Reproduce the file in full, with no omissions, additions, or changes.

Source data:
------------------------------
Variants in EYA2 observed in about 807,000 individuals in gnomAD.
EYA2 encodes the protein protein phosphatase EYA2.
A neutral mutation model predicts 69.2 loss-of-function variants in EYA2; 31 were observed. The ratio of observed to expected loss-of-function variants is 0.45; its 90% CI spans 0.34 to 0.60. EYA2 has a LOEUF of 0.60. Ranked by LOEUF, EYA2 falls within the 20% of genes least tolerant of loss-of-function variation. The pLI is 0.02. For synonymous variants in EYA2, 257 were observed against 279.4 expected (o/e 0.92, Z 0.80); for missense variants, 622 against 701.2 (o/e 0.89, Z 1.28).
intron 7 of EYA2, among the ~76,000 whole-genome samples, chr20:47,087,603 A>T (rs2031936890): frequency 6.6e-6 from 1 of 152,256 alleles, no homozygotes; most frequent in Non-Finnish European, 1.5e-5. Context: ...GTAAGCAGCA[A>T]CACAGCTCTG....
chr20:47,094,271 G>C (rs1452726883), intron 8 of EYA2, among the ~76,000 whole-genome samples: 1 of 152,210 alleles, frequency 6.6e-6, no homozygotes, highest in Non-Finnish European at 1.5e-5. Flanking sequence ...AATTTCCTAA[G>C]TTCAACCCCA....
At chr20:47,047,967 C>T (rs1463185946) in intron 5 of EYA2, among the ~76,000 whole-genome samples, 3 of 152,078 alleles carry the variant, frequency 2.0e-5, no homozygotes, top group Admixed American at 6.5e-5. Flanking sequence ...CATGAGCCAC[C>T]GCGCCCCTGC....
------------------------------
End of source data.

Variants in EYA2 observed in about 807,000 individuals in gnomAD.
EYA2 encodes the protein protein phosphatase EYA2.
A neutral mutation model predicts 69.2 loss-of-function variants in EYA2; 31 were observed. The ratio of observed to expected loss-of-function variants is 0.45; its 90% CI spans 0.34 to 0.60. EYA2 has a LOEUF of 0.60. Ranked by LOEUF, EYA2 falls within the 20% of genes least tolerant of loss-of-function variation. The pLI is 0.02. For synonymous variants in EYA2, 257 were observed against 279.4 expected (o/e 0.92, Z 0.80); for missense variants, 622 against 701.2 (o/e 0.89, Z 1.28).
intron 7 of EYA2, among the ~76,000 whole-genome samples, chr20:47,087,603 A>T (rs2031936890): frequency 6.6e-6 from 1 of 152,256 alleles, no homozygotes; most frequent in Non-Finnish European, 1.5e-5. Context: ...GTAAGCAGCA[A>T]CACAGCTCTG....
chr20:47,094,271 G>C (rs1452726883), intron 8 of EYA2, among the ~76,000 whole-genome samples: 1 of 152,210 alleles, frequency 6.6e-6, no homozygotes, highest in Non-Finnish European at 1.5e-5. Flanking sequence ...AATTTCCTAA[G>C]TTCAACCCCA....
At chr20:47,047,967 C>T (rs1463185946) in intron 5 of EYA2, among the ~76,000 whole-genome samples, 3 of 152,078 alleles carry the variant, frequency 2.0e-5, no homozygotes, top group Admixed American at 6.5e-5. Flanking sequence ...CATGAGCCAC[C>T]GCGCCCCTGC....